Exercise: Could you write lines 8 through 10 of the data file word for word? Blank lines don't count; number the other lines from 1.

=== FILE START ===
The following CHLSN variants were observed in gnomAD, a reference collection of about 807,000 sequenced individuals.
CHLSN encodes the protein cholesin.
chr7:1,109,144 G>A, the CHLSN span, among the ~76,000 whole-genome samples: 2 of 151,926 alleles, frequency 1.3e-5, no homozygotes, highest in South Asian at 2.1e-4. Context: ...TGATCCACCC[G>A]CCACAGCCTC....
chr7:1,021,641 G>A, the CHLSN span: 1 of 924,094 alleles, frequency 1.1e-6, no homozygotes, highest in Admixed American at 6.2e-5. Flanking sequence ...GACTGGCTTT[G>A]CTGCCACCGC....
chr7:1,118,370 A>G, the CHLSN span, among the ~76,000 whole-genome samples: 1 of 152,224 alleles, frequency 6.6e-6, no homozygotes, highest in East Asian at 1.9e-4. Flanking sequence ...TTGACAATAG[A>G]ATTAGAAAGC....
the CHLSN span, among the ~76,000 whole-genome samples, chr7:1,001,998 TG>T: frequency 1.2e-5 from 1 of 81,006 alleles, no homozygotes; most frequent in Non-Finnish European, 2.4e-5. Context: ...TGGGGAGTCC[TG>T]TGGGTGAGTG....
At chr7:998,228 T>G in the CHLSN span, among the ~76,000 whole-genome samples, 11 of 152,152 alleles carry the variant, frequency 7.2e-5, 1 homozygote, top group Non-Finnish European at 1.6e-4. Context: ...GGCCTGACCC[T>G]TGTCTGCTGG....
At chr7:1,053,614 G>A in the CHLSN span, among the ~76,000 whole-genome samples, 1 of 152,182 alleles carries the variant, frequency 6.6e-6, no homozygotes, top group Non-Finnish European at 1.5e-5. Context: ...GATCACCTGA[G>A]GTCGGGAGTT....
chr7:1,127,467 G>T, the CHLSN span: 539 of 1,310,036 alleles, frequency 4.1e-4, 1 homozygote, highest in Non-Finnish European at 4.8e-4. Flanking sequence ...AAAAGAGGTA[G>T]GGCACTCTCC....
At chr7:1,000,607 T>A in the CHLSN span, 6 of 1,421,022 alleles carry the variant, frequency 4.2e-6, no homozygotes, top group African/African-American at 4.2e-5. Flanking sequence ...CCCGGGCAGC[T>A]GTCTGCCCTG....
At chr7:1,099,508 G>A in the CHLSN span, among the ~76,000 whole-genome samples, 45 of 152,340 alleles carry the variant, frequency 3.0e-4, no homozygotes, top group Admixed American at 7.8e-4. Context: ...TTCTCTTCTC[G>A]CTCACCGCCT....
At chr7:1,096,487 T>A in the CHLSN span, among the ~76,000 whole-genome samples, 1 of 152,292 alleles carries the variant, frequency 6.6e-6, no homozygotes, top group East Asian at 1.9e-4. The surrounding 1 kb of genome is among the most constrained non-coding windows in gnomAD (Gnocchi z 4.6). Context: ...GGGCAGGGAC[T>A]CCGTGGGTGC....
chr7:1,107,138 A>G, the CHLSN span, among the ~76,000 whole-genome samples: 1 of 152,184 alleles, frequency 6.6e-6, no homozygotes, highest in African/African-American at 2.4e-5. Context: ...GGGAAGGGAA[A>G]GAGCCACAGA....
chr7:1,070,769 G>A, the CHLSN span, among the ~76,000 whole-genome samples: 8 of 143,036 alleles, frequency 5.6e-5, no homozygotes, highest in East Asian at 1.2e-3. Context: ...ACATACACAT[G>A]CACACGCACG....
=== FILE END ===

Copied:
At chr7:1,053,614 G>A in the CHLSN span, among the ~76,000 whole-genome samples, 1 of 152,182 alleles carries the variant, frequency 6.6e-6, no homozygotes, top group Non-Finnish European at 1.5e-5. Context: ...GATCACCTGA[G>A]GTCGGGAGTT....
chr7:1,127,467 G>T, the CHLSN span: 539 of 1,310,036 alleles, frequency 4.1e-4, 1 homozygote, highest in Non-Finnish European at 4.8e-4. Flanking sequence ...AAAAGAGGTA[G>T]GGCACTCTCC....
At chr7:1,000,607 T>A in the CHLSN span, 6 of 1,421,022 alleles carry the variant, frequency 4.2e-6, no homozygotes, top group African/African-American at 4.2e-5. Flanking sequence ...CCCGGGCAGC[T>A]GTCTGCCCTG....